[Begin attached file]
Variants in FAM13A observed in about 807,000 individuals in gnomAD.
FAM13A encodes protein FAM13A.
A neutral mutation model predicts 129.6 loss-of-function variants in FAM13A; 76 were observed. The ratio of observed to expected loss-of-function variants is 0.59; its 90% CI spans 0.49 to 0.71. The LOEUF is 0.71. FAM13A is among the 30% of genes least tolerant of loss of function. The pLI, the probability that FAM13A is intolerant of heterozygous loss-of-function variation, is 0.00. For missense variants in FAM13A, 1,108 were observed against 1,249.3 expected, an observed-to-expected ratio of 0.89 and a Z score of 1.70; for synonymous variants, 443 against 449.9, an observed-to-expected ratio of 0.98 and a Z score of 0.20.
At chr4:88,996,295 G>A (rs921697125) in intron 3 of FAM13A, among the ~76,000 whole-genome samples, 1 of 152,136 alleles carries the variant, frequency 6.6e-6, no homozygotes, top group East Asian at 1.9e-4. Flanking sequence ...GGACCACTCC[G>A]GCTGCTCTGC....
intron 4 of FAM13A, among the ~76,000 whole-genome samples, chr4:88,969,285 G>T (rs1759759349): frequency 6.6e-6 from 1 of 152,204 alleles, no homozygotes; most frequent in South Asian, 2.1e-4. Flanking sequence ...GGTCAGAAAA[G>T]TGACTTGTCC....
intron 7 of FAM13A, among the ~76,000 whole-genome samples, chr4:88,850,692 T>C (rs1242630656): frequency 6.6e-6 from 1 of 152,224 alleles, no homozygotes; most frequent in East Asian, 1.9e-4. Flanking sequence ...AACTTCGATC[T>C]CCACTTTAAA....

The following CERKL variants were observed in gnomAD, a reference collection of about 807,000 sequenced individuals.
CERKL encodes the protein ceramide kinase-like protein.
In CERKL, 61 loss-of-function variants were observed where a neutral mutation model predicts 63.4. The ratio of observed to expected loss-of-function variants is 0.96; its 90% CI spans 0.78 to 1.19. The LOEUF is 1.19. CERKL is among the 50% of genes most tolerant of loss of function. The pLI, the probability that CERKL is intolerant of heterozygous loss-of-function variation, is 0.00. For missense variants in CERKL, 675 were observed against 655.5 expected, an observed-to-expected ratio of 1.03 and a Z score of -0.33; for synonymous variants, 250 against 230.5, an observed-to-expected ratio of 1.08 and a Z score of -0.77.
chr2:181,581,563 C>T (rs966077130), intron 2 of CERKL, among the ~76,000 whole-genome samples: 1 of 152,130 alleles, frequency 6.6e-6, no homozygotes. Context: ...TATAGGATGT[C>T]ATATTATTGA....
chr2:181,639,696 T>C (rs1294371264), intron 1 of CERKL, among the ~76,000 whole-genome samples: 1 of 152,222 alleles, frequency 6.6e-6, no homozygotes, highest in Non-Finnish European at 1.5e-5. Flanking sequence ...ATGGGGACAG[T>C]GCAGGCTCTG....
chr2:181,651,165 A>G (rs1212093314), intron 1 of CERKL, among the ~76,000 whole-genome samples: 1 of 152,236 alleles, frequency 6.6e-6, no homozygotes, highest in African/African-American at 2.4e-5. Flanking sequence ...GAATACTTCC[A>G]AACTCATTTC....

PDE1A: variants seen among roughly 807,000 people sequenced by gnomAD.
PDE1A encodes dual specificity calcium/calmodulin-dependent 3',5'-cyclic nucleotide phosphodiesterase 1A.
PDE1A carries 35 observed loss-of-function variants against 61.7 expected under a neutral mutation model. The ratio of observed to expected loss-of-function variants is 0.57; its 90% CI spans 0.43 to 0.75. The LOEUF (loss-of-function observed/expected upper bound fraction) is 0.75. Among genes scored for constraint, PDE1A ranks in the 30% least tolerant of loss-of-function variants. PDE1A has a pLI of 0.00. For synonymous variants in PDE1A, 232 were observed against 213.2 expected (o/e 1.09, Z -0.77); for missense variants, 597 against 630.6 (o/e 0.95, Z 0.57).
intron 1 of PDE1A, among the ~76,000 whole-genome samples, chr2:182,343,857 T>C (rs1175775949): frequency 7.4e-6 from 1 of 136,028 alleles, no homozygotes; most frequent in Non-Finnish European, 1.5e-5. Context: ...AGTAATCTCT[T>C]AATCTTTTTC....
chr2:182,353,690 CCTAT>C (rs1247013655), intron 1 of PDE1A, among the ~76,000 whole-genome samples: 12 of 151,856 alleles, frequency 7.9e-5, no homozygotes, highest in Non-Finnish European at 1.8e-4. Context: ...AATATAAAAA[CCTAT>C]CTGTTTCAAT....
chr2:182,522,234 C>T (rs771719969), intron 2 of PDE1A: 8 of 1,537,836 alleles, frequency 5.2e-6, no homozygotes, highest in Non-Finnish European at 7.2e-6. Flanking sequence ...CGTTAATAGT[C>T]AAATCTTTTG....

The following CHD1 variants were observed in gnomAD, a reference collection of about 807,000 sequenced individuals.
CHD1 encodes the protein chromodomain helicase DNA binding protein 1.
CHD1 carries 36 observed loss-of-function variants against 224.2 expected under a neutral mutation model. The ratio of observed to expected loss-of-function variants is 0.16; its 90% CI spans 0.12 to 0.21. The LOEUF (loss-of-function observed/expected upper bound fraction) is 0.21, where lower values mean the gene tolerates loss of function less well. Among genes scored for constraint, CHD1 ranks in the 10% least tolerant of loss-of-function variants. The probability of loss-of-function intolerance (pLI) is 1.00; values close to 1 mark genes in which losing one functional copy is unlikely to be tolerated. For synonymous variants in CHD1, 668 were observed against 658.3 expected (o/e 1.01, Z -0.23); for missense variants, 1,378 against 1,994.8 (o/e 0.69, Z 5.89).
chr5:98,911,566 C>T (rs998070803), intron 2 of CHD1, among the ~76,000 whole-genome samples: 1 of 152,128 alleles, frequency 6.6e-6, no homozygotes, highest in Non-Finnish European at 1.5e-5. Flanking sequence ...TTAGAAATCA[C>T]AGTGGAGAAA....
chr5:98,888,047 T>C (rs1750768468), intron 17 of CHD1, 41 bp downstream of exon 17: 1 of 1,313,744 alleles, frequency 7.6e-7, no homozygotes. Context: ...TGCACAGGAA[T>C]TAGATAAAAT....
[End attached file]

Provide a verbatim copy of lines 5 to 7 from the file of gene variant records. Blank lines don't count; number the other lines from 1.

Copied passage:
intron 4 of FAM13A, among the ~76,000 whole-genome samples, chr4:88,969,285 G>T (rs1759759349): frequency 6.6e-6 from 1 of 152,204 alleles, no homozygotes; most frequent in South Asian, 2.1e-4. Flanking sequence ...GGTCAGAAAA[G>T]TGACTTGTCC....
intron 7 of FAM13A, among the ~76,000 whole-genome samples, chr4:88,850,692 T>C (rs1242630656): frequency 6.6e-6 from 1 of 152,224 alleles, no homozygotes; most frequent in East Asian, 1.9e-4. Flanking sequence ...AACTTCGATC[T>C]CCACTTTAAA....

The following CERKL variants were observed in gnomAD, a reference collection of about 807,000 sequenced individuals.